“Colton Herta is one that comes to mind,” Mario Andretti said. “As a young lad, his dad sent him to Europe, he was doing Formula 3, and he knows most of the circuits there. He’s trained. He’s showed in his rookie season and won some premium races at COTA (and Laguna Seca), beat two of the very best Indy has to offer (in) Will Power and Scott Dixon.
“This is one kid I’d love to see him get a break over there to fly the U.S. colors again.”
Herta, 20, seems interested in exploring an F1 leap over the next few years. After winning Sept. 13 at Mid-Ohio from the pole position (his third career victory in the NTT IndyCar Series), the No. 88 Dallara-Honda driver is ranked fourth in the standings in his sophomore year and regarded as one of the series’ top prospects.
If #F1 wants to start looking around for an American driver, Colton Herta has a suggestion for where that search should start. https://t.co/71PVeu6aBj
Herta recently told RACER.com “I’d love to give Formula 1 a crack” but said he also would be happy driving in IndyCar and IMSA.
A naturalized U.S. citizen who told Petty about spending several years with his family in an Italian refugee camp before coming to America, Mario Andretti said F1 brought an enormous sense of patriotic pride.
“Formula One is like the Olympics in a sense,” he said. “You’re in a different country, a different continent. When you earn that highest step of the podium, they play your national anthem. That’s when you take nothing for granted. You feel like I’m representing my country, and the proudest moments are those.
“I’d just like to see some other American drivers experience that. It’s time.”
During the “Coffee With Kyle” conversation, Andretti also discussed:
–His versatility as a winner in IndyCar, sports cars, NASCAR and Formula One;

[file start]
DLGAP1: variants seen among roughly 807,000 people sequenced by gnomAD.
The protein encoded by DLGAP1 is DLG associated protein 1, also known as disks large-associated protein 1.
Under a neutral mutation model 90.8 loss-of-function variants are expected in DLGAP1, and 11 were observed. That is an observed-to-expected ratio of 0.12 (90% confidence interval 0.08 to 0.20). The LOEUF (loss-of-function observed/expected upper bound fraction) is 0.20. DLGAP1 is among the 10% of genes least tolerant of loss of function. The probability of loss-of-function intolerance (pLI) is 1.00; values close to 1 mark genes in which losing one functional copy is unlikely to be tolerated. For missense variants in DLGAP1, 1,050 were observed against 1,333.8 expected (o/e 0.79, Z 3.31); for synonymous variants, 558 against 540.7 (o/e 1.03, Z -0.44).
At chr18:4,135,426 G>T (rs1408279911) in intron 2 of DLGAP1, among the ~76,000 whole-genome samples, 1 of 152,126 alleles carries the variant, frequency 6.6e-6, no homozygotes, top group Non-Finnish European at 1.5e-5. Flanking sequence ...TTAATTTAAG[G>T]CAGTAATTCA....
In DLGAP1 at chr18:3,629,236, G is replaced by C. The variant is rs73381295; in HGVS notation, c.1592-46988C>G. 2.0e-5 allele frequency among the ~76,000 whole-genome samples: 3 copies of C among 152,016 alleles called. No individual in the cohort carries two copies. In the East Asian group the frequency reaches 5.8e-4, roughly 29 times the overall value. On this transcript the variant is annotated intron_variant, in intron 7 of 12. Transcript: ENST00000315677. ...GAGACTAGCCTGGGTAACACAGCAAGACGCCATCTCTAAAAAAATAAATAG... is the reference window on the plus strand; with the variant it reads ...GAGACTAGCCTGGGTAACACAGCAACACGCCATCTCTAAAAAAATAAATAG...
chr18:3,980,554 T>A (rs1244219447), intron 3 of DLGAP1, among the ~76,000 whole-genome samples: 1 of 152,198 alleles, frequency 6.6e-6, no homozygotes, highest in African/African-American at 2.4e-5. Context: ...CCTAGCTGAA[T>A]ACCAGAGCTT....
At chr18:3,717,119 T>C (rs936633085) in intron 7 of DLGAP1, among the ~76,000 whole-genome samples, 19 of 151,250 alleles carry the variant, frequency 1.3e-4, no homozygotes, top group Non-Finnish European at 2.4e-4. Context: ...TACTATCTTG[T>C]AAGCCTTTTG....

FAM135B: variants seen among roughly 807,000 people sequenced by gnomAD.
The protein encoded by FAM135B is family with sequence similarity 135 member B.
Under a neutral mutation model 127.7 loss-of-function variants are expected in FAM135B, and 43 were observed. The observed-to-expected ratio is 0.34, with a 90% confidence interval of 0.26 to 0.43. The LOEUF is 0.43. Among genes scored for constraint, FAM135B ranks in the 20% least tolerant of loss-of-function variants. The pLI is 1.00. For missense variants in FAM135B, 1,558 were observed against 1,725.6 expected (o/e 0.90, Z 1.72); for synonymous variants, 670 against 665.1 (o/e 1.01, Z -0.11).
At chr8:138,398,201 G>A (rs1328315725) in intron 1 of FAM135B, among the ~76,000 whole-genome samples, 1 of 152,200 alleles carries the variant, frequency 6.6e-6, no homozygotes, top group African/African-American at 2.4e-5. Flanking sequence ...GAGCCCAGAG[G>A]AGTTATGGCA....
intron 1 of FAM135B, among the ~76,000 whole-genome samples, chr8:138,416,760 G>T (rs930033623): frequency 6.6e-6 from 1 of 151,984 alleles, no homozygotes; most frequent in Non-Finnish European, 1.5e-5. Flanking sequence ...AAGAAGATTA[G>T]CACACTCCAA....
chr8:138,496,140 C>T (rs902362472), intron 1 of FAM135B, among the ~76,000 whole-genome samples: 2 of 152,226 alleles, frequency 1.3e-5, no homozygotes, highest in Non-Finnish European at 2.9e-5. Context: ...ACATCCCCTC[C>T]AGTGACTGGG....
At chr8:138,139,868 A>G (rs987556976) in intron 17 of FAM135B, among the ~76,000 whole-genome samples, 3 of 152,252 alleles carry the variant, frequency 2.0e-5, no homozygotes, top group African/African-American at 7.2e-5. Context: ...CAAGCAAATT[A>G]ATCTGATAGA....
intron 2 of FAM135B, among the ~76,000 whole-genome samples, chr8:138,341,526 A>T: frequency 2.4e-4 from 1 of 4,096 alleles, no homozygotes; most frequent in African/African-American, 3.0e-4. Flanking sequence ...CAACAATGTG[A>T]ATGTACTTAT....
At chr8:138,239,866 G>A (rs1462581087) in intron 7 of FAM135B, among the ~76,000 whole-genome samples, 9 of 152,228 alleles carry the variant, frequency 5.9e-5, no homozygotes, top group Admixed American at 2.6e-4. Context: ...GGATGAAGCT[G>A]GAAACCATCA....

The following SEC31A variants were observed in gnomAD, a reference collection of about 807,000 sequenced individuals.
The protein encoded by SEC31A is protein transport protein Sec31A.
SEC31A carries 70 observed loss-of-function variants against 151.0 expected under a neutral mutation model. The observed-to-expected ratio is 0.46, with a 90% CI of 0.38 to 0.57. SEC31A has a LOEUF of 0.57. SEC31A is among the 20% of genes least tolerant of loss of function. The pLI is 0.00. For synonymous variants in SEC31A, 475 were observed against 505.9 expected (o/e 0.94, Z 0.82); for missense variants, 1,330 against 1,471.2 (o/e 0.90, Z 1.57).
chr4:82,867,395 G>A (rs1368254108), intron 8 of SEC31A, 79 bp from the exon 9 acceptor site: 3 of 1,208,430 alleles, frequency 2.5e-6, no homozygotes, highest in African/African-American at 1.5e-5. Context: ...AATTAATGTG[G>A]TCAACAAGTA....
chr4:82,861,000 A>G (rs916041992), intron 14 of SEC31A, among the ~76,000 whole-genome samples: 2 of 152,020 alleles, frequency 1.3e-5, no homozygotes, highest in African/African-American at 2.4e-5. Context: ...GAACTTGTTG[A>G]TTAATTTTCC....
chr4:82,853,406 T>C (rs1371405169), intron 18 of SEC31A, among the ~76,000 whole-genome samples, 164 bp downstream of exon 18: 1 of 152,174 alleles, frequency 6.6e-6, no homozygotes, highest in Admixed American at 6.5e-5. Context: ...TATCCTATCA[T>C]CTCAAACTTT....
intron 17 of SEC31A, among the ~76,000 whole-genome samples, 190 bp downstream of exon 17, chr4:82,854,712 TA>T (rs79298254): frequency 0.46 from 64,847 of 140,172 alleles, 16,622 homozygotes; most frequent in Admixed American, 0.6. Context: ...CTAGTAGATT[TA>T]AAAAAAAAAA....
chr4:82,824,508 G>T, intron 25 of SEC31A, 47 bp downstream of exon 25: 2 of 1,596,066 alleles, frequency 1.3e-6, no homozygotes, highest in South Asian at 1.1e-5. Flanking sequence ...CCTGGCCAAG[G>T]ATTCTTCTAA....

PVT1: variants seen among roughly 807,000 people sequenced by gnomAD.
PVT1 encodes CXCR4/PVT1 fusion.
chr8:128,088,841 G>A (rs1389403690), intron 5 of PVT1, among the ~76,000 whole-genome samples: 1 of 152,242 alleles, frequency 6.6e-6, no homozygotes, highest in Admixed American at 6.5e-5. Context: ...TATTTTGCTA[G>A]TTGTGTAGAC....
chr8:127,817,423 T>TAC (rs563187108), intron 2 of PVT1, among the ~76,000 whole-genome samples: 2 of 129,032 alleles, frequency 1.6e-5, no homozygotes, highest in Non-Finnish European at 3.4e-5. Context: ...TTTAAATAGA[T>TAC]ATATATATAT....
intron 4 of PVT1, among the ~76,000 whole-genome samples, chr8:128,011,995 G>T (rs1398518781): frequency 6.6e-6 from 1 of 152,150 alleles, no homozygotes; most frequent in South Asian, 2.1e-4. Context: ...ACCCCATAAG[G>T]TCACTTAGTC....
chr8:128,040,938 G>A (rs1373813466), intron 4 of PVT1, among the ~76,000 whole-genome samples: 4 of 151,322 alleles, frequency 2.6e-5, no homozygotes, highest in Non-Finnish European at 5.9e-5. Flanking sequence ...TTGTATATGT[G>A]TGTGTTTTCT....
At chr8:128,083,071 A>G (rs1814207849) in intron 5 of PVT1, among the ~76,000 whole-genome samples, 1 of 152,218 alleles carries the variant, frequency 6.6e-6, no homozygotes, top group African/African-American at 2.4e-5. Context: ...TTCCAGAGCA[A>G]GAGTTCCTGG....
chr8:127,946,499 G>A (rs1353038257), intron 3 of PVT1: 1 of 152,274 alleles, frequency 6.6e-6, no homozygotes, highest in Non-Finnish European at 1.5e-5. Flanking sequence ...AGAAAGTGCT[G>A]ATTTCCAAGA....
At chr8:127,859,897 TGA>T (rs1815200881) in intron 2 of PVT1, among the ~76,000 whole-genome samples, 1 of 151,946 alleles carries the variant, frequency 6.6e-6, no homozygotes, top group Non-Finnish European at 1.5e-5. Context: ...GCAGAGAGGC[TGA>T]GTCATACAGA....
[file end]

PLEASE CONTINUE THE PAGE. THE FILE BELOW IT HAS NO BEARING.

–His 1967 Daytona 500 victory and how he enjoyed racing with crew chief Jake Elder at the famed Holman-Moody team;
–Why he delayed his entry to F1 for a few years because of his earnings power in IndyCar. “I always say I’d race for free, but at the same time, you’re thinking of family and the future,” he said. “It was in the back of your mind that you can’t give up the earning power of IndyCar. That kept me from going full time in Formula One, but I always said that sometime in my career, I’d have to devote a period to Formula One.”
–On what it was like racing in an era when driver deaths were more prevalent. “If you’re going to do this, you’re not going to dwell on those negatives,” Andretti said. “There’s no way. You knew it was present. Especially in the ‘60s at the beginning of the season at the drivers meetings, you couldn’t help but look around and say, ‘I wonder who is not going to be here at the end of the season.’ We’d lose four to five guys. In ’64, we lost six guys.
“It’s something if you dwell on that, you’re going to take on a different profession. It’s a desire and love to want to drive that overcame all that and then the confidence it’s not going to happen to me. And then you pray.”